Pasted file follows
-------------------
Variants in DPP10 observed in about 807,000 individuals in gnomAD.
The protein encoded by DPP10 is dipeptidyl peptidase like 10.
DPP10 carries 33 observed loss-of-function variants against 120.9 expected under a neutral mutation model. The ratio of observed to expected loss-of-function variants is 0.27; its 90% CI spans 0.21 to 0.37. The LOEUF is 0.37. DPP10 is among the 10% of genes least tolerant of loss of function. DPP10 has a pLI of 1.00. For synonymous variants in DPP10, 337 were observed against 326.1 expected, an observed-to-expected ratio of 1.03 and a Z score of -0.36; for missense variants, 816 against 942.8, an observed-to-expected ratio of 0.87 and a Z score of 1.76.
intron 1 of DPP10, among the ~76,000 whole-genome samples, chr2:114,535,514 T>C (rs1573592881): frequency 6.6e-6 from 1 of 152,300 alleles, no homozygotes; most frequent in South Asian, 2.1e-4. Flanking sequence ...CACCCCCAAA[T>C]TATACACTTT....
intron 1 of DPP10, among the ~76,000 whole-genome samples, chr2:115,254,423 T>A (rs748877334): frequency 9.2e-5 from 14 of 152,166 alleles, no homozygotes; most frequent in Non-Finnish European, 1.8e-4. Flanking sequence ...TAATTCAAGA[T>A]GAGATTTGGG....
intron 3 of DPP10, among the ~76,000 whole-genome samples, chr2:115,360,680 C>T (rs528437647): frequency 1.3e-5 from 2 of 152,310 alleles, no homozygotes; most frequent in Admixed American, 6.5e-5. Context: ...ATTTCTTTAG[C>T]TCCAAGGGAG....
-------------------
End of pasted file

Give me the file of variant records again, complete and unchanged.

Variants in DPP10 observed in about 807,000 individuals in gnomAD.
The protein encoded by DPP10 is dipeptidyl peptidase like 10.
DPP10 carries 33 observed loss-of-function variants against 120.9 expected under a neutral mutation model. The ratio of observed to expected loss-of-function variants is 0.27; its 90% CI spans 0.21 to 0.37. The LOEUF is 0.37. DPP10 is among the 10% of genes least tolerant of loss of function. DPP10 has a pLI of 1.00. For synonymous variants in DPP10, 337 were observed against 326.1 expected, an observed-to-expected ratio of 1.03 and a Z score of -0.36; for missense variants, 816 against 942.8, an observed-to-expected ratio of 0.87 and a Z score of 1.76.
intron 1 of DPP10, among the ~76,000 whole-genome samples, chr2:114,535,514 T>C (rs1573592881): frequency 6.6e-6 from 1 of 152,300 alleles, no homozygotes; most frequent in South Asian, 2.1e-4. Flanking sequence ...CACCCCCAAA[T>C]TATACACTTT....
intron 1 of DPP10, among the ~76,000 whole-genome samples, chr2:115,254,423 T>A (rs748877334): frequency 9.2e-5 from 14 of 152,166 alleles, no homozygotes; most frequent in Non-Finnish European, 1.8e-4. Flanking sequence ...TAATTCAAGA[T>A]GAGATTTGGG....
intron 3 of DPP10, among the ~76,000 whole-genome samples, chr2:115,360,680 C>T (rs528437647): frequency 1.3e-5 from 2 of 152,310 alleles, no homozygotes; most frequent in Admixed American, 6.5e-5. Context: ...ATTTCTTTAG[C>T]TCCAAGGGAG....